Diwali, the Indian festival of lights is one of the most festive, popular and beautiful times of the year. Also called Deepavali, it literally means a “Row of Lights.” It is a time filled with light and love; a time when Indians all over the world rejoice.
It’s celebration include millions of lights shining on housetops, outside doors and windows, around temples and other buildings in the communities and countries where it is observed.
Diwali falls towards the end of October, or first half of November each year, on the day of ‘Amavasyaa’, when the moon does not rise and there is darkness all around. The darkest night of autumn lit with diyas, candles and lanterns, makes the festival of lights particularly memorable.
Diwali is a festival of celebrations such as lightings, crackers, cleanliness, colourful rangoli making, social gatherings to exchange greetings and sharing sweets with your loved ones. The people of all age groups and classes with equal zeal and enthusiasm celebrate Diwali throughout India. They put on new apparels and participate in the various activities that are related to Diwali celebrations.
The Five Days of Diwali Celebrations
Diwali is the Indian festival that brings a series of festivals with it. One after another, we get a chance to celebrate five ceremonious occasions.
Rituals and preparations for Diwali begin days or weeks in advance. The festival formally begins two days before the night of Diwali, and ends two days thereafter.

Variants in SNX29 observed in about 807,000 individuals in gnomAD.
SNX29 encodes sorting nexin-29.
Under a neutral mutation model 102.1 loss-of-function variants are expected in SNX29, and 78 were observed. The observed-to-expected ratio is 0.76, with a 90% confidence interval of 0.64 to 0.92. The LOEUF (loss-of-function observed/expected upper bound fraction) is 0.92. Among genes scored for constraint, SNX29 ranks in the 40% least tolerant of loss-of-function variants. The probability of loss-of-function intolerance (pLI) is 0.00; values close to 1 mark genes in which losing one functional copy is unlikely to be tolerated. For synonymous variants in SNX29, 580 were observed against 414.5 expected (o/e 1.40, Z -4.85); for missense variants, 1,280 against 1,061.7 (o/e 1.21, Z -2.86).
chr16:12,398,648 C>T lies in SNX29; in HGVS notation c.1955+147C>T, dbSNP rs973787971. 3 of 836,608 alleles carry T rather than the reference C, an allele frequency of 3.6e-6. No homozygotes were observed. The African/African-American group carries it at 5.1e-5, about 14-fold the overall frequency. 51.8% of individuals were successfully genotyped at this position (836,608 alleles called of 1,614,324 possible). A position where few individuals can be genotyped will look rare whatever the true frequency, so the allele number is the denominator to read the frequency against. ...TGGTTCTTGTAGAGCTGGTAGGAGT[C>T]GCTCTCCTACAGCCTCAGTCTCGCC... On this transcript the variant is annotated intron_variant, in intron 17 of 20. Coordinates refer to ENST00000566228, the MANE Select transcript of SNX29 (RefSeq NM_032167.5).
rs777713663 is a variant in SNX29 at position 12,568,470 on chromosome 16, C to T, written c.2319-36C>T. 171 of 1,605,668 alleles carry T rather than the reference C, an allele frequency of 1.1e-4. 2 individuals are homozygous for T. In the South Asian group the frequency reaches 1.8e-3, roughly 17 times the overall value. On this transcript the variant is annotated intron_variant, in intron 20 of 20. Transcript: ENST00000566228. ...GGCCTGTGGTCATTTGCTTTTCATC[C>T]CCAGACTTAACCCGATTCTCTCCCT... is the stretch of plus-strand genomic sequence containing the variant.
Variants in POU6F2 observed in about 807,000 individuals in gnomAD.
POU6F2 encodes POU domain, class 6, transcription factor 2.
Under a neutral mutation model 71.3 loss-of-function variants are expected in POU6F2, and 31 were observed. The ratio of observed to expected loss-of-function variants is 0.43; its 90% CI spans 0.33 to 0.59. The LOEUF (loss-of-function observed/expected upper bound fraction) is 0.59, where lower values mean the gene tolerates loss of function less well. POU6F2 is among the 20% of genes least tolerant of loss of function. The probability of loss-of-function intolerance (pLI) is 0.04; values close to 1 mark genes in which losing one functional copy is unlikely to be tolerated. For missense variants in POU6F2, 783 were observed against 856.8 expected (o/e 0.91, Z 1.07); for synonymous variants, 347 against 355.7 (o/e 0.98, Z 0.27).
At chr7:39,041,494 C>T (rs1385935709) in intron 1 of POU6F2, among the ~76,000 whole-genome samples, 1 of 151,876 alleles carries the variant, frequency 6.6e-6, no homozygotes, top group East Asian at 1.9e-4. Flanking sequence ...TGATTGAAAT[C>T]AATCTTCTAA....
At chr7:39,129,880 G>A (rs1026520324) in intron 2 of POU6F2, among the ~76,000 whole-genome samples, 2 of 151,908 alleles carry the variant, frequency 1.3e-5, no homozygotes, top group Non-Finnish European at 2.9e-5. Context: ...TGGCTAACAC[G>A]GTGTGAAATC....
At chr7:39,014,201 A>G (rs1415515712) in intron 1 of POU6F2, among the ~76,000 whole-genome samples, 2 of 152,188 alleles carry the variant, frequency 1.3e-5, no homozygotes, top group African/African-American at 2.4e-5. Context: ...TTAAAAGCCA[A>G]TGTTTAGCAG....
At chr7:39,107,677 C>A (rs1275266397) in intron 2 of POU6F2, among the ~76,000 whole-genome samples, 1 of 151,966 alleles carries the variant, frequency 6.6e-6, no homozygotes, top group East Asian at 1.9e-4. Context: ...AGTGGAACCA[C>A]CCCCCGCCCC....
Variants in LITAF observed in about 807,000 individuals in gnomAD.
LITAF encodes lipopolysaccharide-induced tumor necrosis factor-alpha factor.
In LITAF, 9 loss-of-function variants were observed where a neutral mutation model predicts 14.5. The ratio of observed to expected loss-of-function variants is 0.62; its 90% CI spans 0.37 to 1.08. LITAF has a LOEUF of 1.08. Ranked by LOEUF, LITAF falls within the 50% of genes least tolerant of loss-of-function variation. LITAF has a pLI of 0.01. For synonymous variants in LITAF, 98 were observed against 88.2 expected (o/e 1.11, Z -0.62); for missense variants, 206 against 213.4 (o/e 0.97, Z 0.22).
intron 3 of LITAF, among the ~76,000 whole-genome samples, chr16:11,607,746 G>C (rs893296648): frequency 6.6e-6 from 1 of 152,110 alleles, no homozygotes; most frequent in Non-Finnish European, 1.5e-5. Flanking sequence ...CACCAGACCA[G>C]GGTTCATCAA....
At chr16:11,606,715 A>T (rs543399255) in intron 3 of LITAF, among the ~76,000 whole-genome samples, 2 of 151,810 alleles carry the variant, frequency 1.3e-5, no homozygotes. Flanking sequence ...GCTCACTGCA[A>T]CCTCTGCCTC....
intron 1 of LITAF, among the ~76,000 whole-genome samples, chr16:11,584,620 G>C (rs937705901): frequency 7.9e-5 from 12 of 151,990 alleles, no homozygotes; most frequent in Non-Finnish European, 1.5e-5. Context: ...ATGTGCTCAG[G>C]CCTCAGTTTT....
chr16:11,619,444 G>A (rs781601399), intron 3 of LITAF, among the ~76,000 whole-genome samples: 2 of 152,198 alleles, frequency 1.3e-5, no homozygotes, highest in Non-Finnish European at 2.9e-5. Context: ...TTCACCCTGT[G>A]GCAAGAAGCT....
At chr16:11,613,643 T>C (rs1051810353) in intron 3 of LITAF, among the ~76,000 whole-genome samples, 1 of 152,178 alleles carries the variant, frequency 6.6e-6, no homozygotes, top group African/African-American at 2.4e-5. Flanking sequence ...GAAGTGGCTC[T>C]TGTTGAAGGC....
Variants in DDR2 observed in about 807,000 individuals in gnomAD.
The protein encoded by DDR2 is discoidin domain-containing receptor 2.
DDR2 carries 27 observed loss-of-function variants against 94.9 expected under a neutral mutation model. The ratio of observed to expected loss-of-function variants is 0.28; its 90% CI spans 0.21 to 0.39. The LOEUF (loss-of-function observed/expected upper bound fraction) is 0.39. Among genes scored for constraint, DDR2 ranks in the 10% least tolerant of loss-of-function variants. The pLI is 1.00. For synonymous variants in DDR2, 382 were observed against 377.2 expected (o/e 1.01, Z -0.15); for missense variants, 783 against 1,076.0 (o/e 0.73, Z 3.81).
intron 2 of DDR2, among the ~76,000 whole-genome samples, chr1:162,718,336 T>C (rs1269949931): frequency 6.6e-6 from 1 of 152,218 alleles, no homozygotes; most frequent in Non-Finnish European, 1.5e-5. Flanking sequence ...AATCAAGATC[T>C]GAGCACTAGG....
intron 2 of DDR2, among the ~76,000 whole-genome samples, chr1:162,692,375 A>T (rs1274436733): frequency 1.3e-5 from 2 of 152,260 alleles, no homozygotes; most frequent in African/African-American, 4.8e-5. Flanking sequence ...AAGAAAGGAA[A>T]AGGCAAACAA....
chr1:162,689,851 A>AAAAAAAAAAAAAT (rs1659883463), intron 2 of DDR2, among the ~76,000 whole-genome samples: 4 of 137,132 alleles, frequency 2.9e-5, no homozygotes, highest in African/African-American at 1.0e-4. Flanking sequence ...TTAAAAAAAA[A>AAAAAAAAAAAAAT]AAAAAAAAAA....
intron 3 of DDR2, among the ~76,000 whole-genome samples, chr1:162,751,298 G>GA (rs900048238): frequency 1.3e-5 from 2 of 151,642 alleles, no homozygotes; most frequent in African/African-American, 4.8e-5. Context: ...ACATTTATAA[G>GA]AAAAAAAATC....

The first day of this festival begins with ‘Dhan Trayodashi’ or ‘Dhanteras’.
The word Dhanteras is constituent of the terms ‘dhan’ which means wealth and ‘teras’ which means thirteenth, hence it is a festival observed on the thirteenth lunar day of Krishna Paksha of the Hindu Calendar.
There are two popular legends associated with Dhanteras.
According to the legends, during the churning of ocean by the Gods and the demons, Dhanvantari – the physician of the Gods came out of the ocean on the day of Dhanteras, with a pot of amrita that was meant for the welfare of the humankind. This day also marks the arrival of Goddess Lakshmi, which is celebrated by drawing small footprints of the deity, with rice flour and vermilion powder.
Another legend says once there was a 16-year-old prince known as Hima. His horoscope predicted that he would die of snake bite on the fourth day of his marriage. On that particular day, the prince’s newly married wife, decided to play a trick. She laid down all her jewellery, coins in heaps near the door of the sleeping chamber and lit lamps all over the palace. Then she started narrating stories to her husband to prevent him from falling asleep. Then Yama came in the guise of a serpent. His eyes were blinded by the shine of the coins and jewellery. So, Yama could not enter the chamber of the prince. So, He climbed the heap of the jewellery and sat there the entire night, listening to the stories and songs. In the morning, Yama went away. Thus the prince was saved from the clutches of death. Hence, the day came to be celebrated as Dhanteras.
Dhanteras is an extremely significant day for all. People renovate, decorate their houses and workplaces on this day and make traditional ‘Rangoli’ motifs on the entrance, to welcome Goddess Lakshmi. Lamps and candles are lit throughout the night. It is considered auspicious to buy gold and silver on this day. Many people opt for buying new utensils on this day.
New account books are bought on this day and placed before Goddess Lakshmi to get Her blessings. People start new business on Dhanteras because it is believed that business started on this day will be very profitable.
Diwali Day Two Story follows….